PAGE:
You know, there’s a lot to be said for a bar crawl. I remember when…

Speaking of bar crawls, how many bars should be in a chart?

Doesn’t matter – as many as fit. You just have to watch out for the width and gaps between them. Too skinny a bar width will create dead space in your canvas, which would be better used by other visuals. I always say as a rule of thumb – keep the space between bars half that of the actual width of bars shown.

What happens if I want more than one value per category?

So, then you got a few options. Say you have one value – like this glass here, and then you have another value – another glass here. So, they are next to each other, that’s a group. Then we have one and two in the next category, you see how it works? Now all these multi-value charts will need a legend – so that’s this bag of peanuts here.

Or we could have a stacked bar. We got the same legend – so this bag of peanuts again – but the chart is different. So, the first value in the category is this glass here, then the second goes on top of the first one, and we do same for each category, glass 3 and glass 4.

Now, we get to the 100% stack which is when all the values in each category are out of 100, so you have this first value, and then this glass goes on top which is the second value, and then you put the third value on top…

100% stack example

<At this point the barman steps in and removes the glasses>

I see what you mean. Can you tell me…

Hey – my friend the line chart has just walked in. Nice to see you! We drink together sometimes you see.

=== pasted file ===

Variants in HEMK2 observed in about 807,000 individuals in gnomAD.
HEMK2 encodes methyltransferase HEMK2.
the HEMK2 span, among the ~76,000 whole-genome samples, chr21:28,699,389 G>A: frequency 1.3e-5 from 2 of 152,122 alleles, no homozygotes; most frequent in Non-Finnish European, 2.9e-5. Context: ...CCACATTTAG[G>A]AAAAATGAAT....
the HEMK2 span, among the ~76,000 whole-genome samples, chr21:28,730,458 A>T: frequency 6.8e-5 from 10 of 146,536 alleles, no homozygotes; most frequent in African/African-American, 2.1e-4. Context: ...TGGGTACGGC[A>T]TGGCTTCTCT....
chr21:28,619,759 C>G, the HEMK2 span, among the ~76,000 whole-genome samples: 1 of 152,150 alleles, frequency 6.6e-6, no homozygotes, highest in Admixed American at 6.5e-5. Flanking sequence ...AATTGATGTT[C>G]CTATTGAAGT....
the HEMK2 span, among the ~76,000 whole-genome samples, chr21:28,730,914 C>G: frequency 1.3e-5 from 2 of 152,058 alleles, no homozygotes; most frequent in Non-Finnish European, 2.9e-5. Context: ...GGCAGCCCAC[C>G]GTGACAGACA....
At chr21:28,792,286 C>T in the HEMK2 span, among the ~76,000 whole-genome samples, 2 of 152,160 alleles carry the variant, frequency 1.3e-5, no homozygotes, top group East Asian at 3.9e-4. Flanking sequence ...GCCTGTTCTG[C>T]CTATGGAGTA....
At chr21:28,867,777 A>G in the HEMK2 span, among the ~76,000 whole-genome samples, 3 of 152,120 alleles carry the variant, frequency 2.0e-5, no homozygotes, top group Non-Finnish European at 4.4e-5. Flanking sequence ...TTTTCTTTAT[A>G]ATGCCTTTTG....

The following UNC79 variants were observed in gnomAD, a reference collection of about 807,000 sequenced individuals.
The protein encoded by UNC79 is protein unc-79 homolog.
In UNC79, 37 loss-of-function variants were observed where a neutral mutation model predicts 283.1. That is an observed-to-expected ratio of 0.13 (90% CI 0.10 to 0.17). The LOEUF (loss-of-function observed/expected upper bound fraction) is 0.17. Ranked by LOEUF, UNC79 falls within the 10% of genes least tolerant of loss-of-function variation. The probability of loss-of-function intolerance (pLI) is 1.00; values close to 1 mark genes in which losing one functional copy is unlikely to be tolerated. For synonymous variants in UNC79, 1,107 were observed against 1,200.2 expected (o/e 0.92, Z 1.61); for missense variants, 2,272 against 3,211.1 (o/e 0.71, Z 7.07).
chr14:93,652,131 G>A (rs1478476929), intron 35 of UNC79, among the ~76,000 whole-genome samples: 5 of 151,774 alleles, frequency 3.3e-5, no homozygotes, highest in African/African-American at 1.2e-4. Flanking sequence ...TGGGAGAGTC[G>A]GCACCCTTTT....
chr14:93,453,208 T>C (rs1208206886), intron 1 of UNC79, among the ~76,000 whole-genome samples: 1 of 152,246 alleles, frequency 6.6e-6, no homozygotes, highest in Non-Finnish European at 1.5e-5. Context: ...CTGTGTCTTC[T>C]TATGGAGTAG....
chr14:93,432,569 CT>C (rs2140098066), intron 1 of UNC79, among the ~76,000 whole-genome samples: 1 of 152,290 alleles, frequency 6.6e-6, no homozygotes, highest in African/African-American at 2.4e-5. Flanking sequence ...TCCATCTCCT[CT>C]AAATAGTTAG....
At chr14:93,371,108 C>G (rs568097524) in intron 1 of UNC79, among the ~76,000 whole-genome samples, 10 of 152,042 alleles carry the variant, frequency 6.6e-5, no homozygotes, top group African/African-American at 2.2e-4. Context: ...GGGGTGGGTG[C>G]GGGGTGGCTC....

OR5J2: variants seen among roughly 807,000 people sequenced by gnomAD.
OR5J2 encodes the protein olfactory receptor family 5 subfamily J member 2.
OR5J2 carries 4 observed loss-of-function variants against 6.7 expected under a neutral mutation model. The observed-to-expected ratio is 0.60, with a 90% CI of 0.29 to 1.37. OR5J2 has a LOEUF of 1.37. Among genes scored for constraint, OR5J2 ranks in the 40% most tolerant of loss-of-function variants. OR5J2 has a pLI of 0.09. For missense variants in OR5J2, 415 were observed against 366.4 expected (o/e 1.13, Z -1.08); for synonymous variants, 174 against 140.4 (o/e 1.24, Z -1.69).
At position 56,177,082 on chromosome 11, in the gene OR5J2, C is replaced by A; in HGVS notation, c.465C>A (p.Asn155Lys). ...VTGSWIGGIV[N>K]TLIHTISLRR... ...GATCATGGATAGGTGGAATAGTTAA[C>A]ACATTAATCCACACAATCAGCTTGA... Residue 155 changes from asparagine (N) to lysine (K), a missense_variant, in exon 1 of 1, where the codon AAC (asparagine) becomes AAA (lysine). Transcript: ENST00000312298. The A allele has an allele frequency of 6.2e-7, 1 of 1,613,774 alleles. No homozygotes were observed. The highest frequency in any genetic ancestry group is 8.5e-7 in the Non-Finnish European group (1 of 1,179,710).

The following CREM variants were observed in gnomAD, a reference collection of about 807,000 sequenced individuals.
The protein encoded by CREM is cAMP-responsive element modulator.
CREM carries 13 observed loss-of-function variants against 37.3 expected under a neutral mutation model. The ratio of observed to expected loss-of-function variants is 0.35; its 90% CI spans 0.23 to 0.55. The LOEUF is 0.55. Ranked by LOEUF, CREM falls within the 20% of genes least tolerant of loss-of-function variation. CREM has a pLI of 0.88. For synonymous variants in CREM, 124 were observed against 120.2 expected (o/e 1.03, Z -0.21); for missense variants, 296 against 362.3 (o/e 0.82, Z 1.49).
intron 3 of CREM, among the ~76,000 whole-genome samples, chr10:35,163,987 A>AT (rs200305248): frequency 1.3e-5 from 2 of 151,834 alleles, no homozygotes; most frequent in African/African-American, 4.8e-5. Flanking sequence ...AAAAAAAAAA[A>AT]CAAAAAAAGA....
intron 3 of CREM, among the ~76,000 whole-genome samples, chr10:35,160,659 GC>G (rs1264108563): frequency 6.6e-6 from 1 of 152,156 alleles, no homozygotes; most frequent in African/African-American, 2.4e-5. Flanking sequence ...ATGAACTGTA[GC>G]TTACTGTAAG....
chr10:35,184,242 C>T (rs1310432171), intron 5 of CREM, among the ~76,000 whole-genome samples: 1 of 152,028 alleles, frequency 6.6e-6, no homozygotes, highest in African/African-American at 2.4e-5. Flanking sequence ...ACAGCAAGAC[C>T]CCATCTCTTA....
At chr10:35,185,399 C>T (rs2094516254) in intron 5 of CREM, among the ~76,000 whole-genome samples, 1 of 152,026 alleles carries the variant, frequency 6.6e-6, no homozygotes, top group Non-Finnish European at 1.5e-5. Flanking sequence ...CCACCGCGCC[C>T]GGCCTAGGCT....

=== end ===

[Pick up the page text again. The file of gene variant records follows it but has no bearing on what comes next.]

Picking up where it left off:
Oh really? So, where do you two know each other from?

Well, we sometimes work together too, on a Pareto chart – where the bar values are shown in descending order, and the cumulative total of the values shown is represented by the line.  This is most useful when there is an interest in showing the relationship between the individual value of a category to the overall total of those categories.

Pareto Chart example

Final words before we leave you two to it?

No 3D charts, avoid that all costs. A 3D chart walked into the bar and the barman said, “You stick out like a sore thumb”. *snigger* And watch your colours, keep all the bars the same colour unless you have a reason not to. And not too much on the chart – if you have scale labels at each interval than gridlines across the chart are not necessary, neither would value labels on the bar.  However, you could go in the other direction and remove the axis altogether if value labels are included. And…

 

OK, so in one sentence?

Watch the scale, keep it simple and basically just keep to the bar code!

Thank you very much.

…Before you go do you want to see my party trick – it’s really good?

I suppose so…

Well, you think bar charts are only squares and rectangles? Actually, I can contort into different shapes, pictures and icons… like this…

Or this…

Soft Drink Infographic

That’s amazing – I wonder if you could show me how you do that?

Actually, it used to be really hard to do. But you are in luck! There’s this brand new visualization tool called Vizualz which allows you – or anybody really – to get these amazing looking charts with hardly any effort at all! Check it out here.

We sure will!